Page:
Software follows a life cycle on a computer, which begins with installation and ends in uninstallation. Uninstallation may happen for various reasons, new version of the software, free disk space for other things. Removing software should be less painful than installation. Software that is difficult to remove is evil. Viruses and spyware/malware typically make the removal process as painful as possible. Oddly enough Symantec does the same thing with their consumer grade “Security Software”.
While working on a computer for a neighbor, I came across a few tool bars and other general junk installed on the computer. Even though tool bars usually are not spyware, there is no reason to have the Google, Yahoo, and ask tool bars installed plus a few others. The uninstallers were one or two click installers, pretty standard stuff. Then came the odd software. No one knew what it was, but it was sitting on the installed applications list. Before uninstalling, the user was prompted to fill out a captcha to prove that they were not a computer. After filling it out the uninstall process proceeded as usual. A second software package had the same sort of thing, but it was a tad more sophisticated. It had animated noise bars. Either way, why are these software writers afraid of automated removal of their software? It is pretty obvious, they wrote malware.
What did it do? Well, the obvious thing was auto spawning and eating up 50% of the CPU resources (the system has a Pentium D 820 processor). It disguised itself as Internet Explorer (Why anyone still uses IE is beyond comprehension). Additionally it would cause periodic pop ups and a odd message alert prompt stating “Windows Explorer” when entering Control Panel.
Seems that the events of early last month did not stop. More and more WordPress users are having issues with malicious iframes being inserted into their blogs. Until now, there were no automated detection and removal tools. Iframe-B-Gone, it’s quick, it’s dirty, but it should do the trick. I’ll get a build up sometime this upcoming weekend, after Beta 3 of Breadcrumb NavXT.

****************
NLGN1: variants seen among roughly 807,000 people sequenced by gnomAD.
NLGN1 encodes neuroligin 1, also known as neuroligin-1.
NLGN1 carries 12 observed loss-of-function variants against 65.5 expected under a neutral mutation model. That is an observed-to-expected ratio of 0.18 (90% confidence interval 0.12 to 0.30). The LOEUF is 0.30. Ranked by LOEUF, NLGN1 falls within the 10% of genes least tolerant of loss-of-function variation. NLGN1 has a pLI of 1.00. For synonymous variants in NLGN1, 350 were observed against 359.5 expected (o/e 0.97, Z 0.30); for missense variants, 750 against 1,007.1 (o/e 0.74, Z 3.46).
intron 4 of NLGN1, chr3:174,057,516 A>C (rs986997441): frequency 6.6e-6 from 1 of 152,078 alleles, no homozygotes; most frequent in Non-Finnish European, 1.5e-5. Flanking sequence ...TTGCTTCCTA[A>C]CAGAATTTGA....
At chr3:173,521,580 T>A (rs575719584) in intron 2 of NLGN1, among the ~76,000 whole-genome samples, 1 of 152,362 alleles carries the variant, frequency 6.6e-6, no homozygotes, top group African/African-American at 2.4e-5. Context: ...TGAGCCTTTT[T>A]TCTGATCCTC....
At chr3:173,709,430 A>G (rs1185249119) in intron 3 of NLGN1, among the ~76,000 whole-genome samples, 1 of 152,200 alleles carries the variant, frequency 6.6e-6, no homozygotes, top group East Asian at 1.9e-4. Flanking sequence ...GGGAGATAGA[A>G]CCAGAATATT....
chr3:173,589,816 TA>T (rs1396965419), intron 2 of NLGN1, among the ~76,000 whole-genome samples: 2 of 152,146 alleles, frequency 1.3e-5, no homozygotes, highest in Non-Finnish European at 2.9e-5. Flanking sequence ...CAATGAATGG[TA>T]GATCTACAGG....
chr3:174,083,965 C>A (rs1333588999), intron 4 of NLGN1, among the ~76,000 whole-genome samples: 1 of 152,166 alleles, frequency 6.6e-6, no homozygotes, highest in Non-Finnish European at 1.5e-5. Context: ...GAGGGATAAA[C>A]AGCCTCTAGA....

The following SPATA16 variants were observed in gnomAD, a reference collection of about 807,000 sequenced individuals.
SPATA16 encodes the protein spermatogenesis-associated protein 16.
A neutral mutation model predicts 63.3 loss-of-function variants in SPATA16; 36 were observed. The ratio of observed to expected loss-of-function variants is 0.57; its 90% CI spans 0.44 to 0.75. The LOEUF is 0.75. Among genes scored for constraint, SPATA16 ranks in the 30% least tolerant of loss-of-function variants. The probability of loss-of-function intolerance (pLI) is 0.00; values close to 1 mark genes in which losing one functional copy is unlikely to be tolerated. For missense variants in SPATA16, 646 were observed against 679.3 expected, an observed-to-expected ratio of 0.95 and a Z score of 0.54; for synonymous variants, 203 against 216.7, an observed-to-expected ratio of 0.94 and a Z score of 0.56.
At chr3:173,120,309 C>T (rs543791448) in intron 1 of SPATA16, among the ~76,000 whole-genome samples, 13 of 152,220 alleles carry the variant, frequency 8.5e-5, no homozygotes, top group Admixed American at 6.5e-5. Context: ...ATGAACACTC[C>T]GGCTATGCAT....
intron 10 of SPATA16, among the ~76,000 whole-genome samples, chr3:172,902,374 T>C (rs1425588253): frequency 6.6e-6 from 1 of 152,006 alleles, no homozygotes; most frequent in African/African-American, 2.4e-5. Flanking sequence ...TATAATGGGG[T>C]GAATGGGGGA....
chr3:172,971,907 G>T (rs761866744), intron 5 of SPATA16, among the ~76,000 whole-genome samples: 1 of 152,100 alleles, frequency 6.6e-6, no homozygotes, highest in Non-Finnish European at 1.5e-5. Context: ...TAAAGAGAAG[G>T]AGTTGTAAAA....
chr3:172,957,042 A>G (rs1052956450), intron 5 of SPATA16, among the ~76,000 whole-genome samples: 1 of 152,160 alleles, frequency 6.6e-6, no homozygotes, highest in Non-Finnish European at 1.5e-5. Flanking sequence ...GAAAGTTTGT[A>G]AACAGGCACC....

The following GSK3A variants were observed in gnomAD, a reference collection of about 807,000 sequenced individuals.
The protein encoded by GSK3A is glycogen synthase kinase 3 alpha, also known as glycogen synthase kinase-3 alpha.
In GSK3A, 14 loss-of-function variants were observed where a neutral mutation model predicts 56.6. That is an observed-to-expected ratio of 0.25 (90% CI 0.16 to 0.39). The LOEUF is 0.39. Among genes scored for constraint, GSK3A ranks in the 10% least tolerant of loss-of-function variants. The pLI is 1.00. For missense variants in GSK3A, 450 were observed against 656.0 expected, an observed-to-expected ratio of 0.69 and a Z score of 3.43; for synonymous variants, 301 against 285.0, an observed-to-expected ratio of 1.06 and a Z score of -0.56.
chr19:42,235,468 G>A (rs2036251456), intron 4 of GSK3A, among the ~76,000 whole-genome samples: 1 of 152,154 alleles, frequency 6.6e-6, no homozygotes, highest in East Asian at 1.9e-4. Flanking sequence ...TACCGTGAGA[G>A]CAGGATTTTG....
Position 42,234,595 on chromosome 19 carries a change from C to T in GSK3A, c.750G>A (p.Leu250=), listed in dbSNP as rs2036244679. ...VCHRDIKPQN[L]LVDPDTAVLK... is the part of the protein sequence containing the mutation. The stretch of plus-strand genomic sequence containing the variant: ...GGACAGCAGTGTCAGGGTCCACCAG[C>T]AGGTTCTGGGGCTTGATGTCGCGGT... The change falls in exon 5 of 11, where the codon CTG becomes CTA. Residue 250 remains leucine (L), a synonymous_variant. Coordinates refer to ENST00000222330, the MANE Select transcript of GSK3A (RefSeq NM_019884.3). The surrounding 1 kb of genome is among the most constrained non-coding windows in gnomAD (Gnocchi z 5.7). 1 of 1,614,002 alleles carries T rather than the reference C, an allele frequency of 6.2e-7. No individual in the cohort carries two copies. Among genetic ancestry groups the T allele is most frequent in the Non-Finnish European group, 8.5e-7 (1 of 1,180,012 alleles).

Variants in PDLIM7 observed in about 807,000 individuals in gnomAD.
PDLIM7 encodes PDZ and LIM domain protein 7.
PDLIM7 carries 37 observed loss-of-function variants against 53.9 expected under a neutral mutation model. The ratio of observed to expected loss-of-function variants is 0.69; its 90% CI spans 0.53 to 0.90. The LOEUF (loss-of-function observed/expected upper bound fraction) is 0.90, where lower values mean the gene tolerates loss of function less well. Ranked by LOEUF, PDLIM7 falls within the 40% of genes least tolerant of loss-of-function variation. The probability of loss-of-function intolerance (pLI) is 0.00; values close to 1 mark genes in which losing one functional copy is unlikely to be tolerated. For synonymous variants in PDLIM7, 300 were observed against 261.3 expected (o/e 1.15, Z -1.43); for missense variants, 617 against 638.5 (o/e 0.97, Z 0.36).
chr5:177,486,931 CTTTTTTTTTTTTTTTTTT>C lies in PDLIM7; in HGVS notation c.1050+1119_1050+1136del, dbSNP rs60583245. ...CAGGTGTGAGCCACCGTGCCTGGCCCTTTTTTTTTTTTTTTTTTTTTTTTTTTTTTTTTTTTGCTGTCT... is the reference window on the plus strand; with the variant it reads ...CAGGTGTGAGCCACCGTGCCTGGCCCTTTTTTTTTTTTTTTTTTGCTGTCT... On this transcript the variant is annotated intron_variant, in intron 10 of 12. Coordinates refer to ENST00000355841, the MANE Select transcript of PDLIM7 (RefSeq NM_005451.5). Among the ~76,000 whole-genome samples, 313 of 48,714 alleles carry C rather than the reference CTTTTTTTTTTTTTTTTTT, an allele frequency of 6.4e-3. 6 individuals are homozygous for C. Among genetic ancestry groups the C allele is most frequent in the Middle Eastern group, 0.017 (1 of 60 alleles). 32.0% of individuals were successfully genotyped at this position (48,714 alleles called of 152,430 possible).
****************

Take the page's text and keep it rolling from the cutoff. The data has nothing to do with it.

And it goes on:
What to expect from Iframe-B-Gone:
Scanning of the wp-posts and other WordPress database tables for Iframes.
Notification of locations and option to not delete selected “results”.
Note that fixing hacked themes is beyond the scope of this plug-in, for that manual searching and removal is necessary, and those familiar with a the terminal shouldn’t have a difficult time figuring out the quick way of searching for stings in files contained within a folder.
The patient is recovering from the operation and doing well, we’re surprised is held up to that attack. The bullets were removed, and the surgeon decided to do a little liposuction while he was operating. Now that the patent is all sewn up, it’s time to step back and look at what happened.
The Weblogs.us server suffered a massive attack sometime between the 26th of October and the first week of November. Many blogs hosted by Weblogs.us were affected by the attack, which involved SQL injection as mentioned in the previous post. This attack was a spam sort of attack, not a delete/drop tables attack. Though the damage was extensive, not every blog was affected. Additionally, the attack was not limited to the WordPress blogs hosted by Weblogs.us, some of the old Moveable type blogs were affected as well. This means some some passwords were compromised, due to this global password changes may be coming later this week. JD, when looking at the extent of the damage was surprised the database server survived the attack (it was that bad, and that many malicious entries).
What the attack did was enter iframes to googlerank.info/counter which used the css value display:none; to hide them. These appeared at the bottom of every page, and were also cleverly added to some blogroll links by adding a fake and hidden <a href after itself to keep the HTML valid. Googlerank.info is a know mailware site, that preys on users of Internet Explorer. Since Firefox and other modern browsers are not affected by this site, the Russian owners started showing them a fake 404 page that they ripped from Google. Hopefully, the owners of that site will meet an untimely death.
But, the storm is not over yet, someone with malicious intents has been searching Google with the query:
intext:”leave a reply” intext:”Mail (will not be published) (required)” intext:”Responses to” site:us
This is a quick and dirty way to harvest many sites that run WordPress. I have little doubt that the intents of the individual that submitted that query are malicious (either intent to spam or hack). Thus that IP address will be blocked in the Weblogs.us firewall indefinitely.